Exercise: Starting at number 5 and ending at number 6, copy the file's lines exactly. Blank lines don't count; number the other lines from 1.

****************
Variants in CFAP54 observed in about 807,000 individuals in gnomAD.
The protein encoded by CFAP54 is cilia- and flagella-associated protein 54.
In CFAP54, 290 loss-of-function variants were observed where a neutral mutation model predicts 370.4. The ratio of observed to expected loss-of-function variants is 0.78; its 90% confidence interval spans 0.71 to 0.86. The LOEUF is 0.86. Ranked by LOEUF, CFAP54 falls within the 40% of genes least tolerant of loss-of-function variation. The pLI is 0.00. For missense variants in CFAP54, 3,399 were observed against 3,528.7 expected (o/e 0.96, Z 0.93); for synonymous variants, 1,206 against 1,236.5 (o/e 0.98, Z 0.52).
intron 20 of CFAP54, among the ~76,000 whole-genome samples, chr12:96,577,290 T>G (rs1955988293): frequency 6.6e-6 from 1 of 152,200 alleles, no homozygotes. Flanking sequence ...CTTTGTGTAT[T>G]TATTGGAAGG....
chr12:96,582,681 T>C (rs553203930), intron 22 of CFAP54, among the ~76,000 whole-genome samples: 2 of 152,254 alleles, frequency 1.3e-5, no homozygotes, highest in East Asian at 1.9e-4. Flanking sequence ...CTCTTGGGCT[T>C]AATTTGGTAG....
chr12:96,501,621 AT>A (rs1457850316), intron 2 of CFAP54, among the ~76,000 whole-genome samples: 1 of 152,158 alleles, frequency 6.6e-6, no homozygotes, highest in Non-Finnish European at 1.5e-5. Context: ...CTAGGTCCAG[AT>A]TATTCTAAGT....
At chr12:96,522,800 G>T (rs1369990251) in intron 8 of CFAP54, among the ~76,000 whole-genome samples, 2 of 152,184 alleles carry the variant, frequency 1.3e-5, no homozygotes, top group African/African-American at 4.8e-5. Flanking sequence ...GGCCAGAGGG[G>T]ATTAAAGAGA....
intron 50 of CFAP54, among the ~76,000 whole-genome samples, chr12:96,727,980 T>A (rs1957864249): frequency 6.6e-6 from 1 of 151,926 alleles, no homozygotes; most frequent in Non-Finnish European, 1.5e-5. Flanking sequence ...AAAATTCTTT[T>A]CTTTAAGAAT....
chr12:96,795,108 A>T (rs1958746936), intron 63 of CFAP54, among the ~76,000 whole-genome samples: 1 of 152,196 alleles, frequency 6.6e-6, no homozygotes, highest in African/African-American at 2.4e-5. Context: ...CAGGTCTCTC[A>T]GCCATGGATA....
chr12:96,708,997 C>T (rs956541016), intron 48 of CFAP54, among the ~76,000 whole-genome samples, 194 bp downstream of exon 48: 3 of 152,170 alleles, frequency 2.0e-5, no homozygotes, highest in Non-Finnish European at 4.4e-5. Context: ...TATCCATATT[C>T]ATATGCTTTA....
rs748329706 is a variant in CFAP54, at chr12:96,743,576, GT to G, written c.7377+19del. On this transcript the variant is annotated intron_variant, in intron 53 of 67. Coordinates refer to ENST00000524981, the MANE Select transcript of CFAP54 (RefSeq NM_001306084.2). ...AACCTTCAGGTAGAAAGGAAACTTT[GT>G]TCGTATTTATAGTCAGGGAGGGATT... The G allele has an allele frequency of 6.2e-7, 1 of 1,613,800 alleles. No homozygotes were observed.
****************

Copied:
chr12:96,582,681 T>C (rs553203930), intron 22 of CFAP54, among the ~76,000 whole-genome samples: 2 of 152,254 alleles, frequency 1.3e-5, no homozygotes, highest in East Asian at 1.9e-4. Flanking sequence ...CTCTTGGGCT[T>C]AATTTGGTAG....
chr12:96,501,621 AT>A (rs1457850316), intron 2 of CFAP54, among the ~76,000 whole-genome samples: 1 of 152,158 alleles, frequency 6.6e-6, no homozygotes, highest in Non-Finnish European at 1.5e-5. Context: ...CTAGGTCCAG[AT>A]TATTCTAAGT....